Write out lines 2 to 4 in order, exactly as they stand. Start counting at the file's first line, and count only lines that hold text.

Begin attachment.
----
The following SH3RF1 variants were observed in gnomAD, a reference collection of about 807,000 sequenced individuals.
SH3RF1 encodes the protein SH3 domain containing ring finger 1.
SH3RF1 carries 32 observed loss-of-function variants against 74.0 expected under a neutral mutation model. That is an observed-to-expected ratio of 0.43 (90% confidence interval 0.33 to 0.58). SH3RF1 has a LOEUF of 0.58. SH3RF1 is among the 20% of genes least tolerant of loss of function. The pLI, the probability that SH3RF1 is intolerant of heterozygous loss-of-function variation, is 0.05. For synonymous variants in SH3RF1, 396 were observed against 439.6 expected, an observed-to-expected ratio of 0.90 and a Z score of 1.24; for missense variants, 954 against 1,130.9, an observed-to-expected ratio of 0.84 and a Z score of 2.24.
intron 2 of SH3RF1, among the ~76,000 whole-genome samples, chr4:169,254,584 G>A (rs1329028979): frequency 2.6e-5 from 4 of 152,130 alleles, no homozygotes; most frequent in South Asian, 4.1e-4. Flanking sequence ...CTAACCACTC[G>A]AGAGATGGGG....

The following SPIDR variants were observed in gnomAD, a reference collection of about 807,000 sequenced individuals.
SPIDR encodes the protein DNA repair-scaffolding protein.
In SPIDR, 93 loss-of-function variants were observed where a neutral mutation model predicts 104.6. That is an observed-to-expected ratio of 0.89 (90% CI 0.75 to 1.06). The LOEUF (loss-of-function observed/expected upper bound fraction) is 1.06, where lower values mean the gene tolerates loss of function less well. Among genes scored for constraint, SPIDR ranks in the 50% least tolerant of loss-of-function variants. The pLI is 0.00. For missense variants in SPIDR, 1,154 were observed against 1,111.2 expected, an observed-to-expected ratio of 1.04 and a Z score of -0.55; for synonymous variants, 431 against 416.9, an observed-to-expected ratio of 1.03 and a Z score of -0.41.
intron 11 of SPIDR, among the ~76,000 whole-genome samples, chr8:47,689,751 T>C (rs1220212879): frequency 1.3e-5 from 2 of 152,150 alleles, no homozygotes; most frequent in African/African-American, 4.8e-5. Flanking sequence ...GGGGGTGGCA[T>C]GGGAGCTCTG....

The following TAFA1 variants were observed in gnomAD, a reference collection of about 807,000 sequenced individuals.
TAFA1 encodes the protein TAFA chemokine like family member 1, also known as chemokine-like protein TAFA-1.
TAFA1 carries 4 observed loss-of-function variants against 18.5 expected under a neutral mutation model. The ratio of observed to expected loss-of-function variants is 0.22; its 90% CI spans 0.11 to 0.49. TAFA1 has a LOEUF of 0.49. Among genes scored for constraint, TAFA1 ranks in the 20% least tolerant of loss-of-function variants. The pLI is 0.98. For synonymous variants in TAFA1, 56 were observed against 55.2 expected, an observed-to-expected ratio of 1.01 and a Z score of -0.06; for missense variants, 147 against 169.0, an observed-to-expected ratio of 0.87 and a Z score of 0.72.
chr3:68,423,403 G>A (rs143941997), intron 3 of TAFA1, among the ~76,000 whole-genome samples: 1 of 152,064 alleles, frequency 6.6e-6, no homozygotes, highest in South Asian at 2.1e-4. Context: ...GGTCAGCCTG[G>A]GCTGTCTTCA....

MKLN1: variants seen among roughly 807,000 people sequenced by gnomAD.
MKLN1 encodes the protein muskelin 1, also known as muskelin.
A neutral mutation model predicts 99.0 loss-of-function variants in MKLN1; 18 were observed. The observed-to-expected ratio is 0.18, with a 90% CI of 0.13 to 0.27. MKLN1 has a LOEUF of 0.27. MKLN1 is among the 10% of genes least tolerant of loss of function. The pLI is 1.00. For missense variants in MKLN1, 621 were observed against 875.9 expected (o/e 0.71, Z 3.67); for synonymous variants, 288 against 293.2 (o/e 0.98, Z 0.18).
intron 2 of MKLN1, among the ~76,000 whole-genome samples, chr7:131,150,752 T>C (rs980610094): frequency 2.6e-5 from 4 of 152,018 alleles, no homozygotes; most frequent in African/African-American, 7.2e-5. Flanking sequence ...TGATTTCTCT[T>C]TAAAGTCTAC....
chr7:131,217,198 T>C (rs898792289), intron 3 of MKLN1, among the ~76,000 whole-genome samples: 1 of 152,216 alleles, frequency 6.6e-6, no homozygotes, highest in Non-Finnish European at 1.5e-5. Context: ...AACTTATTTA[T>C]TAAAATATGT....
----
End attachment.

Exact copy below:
SH3RF1 encodes the protein SH3 domain containing ring finger 1.
SH3RF1 carries 32 observed loss-of-function variants against 74.0 expected under a neutral mutation model. That is an observed-to-expected ratio of 0.43 (90% confidence interval 0.33 to 0.58). SH3RF1 has a LOEUF of 0.58. SH3RF1 is among the 20% of genes least tolerant of loss of function. The pLI, the probability that SH3RF1 is intolerant of heterozygous loss-of-function variation, is 0.05. For synonymous variants in SH3RF1, 396 were observed against 439.6 expected, an observed-to-expected ratio of 0.90 and a Z score of 1.24; for missense variants, 954 against 1,130.9, an observed-to-expected ratio of 0.84 and a Z score of 2.24.
intron 2 of SH3RF1, among the ~76,000 whole-genome samples, chr4:169,254,584 G>A (rs1329028979): frequency 2.6e-5 from 4 of 152,130 alleles, no homozygotes; most frequent in South Asian, 4.1e-4. Flanking sequence ...CTAACCACTC[G>A]AGAGATGGGG....